Cinema, Lifestyle, Race, Women of colour

Moonlight and Hidden Figures at The Electric Cinema

I love my Bethans but they hurt like hell

I just got in from a fun day in town.

I did a double whammy. Two movies at the cinema in one day. This is the second time I’ve done this. The first time I saw Life of Pi at The Electric Cinema and Side Effects at the Odeon on New Street. I recommend both films. Add them to your queue.

Today was all about team #RepresentationMatters. To say I was gassed about seeing Moonlight and Hidden Figures at my local indie cinema is an understatement. There’s been huge Oscar buzz about both films.

Moonlight Badges

Moonlight is written and directed by Barry Jenkins. It’s a dramatic and emotional coming of age story about a black man coming to terms with his sexuality.

Everyone has been praising Mahershala Ali’s performance (well deserved) but the stand out performance for me was Naomie Harris. I really believed in her character. I don’t want to spoil it for anyone who goes to see it but she is marvellous in this film. She switches from a woman who appears to have it all together to a broken train wreck who you struggle to sympathise with in such a short space of time.

It made me think of those people who you judge based on their job or uniform and yet you have no idea what they struggle with once they’re seemingly safe at home. The same goes for children. While I didn’t relish the dramatisation of the absent black father (a stereotype I don’t identify with and find disproportionately over-represented in cinema and the media in general) Moonlight’s truth did affect me.  The themes it deals with: sexuality, poverty, bullying, substance abuse, violence, race, adolescence, gender and family all conjured up an emotional response from me. It reminded me how much I hated school, the pressure to fit in and play a role, conforming to how the world saw you.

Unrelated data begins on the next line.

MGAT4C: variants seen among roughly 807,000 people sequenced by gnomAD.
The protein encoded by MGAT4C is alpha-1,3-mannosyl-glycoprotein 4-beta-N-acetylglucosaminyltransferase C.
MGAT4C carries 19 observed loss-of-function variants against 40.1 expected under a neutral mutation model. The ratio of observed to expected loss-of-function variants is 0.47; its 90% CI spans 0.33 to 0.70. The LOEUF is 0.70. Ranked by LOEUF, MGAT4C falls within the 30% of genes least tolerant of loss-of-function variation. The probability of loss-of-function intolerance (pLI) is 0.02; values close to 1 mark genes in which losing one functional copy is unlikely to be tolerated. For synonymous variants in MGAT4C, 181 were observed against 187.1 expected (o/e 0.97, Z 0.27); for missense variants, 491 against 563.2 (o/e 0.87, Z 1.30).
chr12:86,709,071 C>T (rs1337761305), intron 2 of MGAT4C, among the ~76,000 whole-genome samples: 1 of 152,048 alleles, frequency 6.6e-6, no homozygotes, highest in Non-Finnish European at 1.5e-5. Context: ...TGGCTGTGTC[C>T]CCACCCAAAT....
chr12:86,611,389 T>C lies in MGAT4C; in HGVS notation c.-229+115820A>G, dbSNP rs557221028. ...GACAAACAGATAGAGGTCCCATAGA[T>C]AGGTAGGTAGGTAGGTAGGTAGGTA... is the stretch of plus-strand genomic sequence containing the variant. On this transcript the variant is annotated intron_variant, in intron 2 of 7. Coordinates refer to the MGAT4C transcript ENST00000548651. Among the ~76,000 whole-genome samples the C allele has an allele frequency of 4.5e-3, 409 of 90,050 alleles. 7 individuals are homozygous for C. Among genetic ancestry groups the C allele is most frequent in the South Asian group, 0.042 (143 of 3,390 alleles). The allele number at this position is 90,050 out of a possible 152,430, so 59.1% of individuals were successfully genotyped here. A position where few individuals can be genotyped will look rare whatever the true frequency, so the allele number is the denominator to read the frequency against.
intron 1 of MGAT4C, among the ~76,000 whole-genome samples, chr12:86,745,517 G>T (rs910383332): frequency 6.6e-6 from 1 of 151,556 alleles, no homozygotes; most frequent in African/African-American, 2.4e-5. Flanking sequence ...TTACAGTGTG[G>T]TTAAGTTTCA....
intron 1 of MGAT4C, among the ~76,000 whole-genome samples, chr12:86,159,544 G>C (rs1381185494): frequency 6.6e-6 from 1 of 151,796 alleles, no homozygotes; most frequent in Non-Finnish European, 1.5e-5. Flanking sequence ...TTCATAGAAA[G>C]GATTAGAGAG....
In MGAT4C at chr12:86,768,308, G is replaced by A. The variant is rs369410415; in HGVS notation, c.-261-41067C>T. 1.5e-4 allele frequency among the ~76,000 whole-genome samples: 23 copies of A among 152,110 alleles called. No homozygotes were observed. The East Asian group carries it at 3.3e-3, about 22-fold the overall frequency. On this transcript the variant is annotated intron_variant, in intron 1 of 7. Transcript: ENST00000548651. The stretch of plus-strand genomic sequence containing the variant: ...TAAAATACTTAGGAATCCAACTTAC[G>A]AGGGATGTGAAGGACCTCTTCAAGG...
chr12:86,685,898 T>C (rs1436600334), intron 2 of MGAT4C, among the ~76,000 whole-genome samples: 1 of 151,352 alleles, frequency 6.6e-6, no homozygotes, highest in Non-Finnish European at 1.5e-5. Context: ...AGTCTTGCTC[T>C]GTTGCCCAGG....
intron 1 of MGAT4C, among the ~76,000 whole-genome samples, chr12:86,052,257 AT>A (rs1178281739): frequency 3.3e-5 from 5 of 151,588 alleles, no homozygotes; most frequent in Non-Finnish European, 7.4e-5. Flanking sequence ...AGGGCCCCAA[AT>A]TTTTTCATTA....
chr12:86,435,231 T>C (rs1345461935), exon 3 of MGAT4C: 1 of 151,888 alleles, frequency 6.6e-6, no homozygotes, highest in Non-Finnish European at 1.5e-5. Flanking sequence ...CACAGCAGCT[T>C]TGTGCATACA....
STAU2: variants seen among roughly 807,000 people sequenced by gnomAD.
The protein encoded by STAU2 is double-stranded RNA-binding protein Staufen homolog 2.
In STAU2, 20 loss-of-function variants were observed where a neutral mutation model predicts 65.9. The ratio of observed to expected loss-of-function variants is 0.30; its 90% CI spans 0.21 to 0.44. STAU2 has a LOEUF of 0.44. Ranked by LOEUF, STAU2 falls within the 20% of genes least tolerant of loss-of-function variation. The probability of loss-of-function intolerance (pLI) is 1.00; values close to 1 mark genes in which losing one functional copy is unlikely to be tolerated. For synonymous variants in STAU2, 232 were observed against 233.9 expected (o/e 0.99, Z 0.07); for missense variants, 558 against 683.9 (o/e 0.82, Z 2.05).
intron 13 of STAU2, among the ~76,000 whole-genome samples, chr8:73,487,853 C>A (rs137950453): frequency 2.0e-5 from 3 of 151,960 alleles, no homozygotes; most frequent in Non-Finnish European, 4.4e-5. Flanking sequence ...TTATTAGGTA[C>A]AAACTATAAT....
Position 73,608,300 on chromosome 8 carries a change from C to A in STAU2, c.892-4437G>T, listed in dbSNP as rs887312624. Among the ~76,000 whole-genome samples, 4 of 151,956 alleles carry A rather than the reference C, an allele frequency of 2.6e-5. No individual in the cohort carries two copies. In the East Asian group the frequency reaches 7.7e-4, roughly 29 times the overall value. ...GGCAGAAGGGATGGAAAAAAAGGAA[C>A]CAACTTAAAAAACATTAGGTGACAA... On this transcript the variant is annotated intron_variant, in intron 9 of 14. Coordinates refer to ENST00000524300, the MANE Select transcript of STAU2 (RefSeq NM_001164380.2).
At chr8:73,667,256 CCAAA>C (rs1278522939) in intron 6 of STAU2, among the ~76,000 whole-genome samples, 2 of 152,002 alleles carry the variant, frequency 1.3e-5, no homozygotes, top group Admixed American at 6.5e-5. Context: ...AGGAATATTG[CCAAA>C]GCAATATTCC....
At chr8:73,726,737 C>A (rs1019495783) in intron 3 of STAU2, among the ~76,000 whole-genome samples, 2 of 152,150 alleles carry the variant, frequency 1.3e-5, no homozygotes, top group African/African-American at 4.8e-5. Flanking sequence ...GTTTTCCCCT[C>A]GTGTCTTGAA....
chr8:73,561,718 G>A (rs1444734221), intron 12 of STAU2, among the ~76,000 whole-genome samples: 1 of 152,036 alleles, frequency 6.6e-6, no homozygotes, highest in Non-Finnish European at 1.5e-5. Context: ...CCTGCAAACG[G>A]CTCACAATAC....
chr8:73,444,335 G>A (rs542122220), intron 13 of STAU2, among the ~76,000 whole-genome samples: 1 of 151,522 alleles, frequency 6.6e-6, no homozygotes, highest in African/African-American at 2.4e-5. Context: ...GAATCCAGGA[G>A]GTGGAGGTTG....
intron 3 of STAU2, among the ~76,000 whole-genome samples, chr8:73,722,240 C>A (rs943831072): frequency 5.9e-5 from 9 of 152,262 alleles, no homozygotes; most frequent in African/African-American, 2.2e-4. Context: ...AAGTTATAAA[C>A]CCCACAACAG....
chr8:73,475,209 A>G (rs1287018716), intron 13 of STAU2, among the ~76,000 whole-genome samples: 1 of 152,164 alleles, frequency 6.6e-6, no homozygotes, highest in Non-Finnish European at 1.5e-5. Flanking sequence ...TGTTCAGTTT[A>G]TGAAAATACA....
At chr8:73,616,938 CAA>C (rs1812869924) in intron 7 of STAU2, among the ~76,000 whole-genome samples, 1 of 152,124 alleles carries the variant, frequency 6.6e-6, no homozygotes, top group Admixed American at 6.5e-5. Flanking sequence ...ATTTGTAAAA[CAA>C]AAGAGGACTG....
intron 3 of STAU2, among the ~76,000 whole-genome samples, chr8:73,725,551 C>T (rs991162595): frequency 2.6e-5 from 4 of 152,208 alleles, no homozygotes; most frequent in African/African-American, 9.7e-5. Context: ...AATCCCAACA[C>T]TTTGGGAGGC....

Moonlight Marketing Survey 

I enjoyed Moonlight’s soundtrack; it’s used well in the film. I especially loved the dream-like scenes which were executed with great skill. In the screen room you could hear a pin drop. It was deathly quiet. The audience were well-behaved, no doubt captivated by what played out on screen.

I think Moonlight is a brave and stunning film. Jenkins has taken themes that are taboo and upsetting and he’s made them relateable by having us experience them through a young man as he grows up. The final scene suggested the importance of having love in our lives. When someone accepts you for who you are, that experience will stay with you, no matter how much time passes by. You don’t need to be black, male or come from a broken home to find something to connect with in Moonlight.

Hidden Figures at The Electric Cinema

Hidden Figures is based on the true story of the three black women, Katherine G Johnson, Dorothy Vaughan and Mary Jackson who worked in NASA as mathematicians. They played a pivotal role in the US space program. Doesn’t sound that exciting, does it? Add the fact that this all took place while black and white people were still segregated (separate schools, rest rooms, sitting at the back of the bus)  where women didn’t have nearly the same rights as we do now and it’s a thrilling ride watching Henson, Monae and Spencer bring it to life.

There’s great humour in Hidden Figures. I welcomed this a lot, as the film deals with racial discrimination and sexism which at times was hard to stomach and had me shaking my head. The irony wasn’t lost on me that now, black and white people were able to watch this film, in the same room. That people literally had to fight for their civil liberties in order for us to be able to go to school together and drink from the same water fountain.

I really enjoyed Hidden Figures. It was encouraging to learn about these black women who were incredibly smart, determined and tenacious. They fought against racism and sexism and achieved what seemed impossible. One of my favourite quotes from the film that made me chuckle: ” I am equal rights. I have the right to see fine in every colour”.

Spencer’s character totally owns Dunst’s character in a scene where she claims to have nothing against the black women working in the computing department. That exchange got a big laugh in the cinema. You’ll know it when you see it 😉

I adored seeing black women portrayed as something other than the typical maid, slave, single mother, prostitute and drug addict role. We need more films like these. I really hope Moonlight and especially Hidden Figures win big at the Oscars.

Have you seen Moonlight or Hidden Figures? What did you think?

Love black pistachio x


1 thought on “ Moonlight and Hidden Figures at The Electric Cinema”

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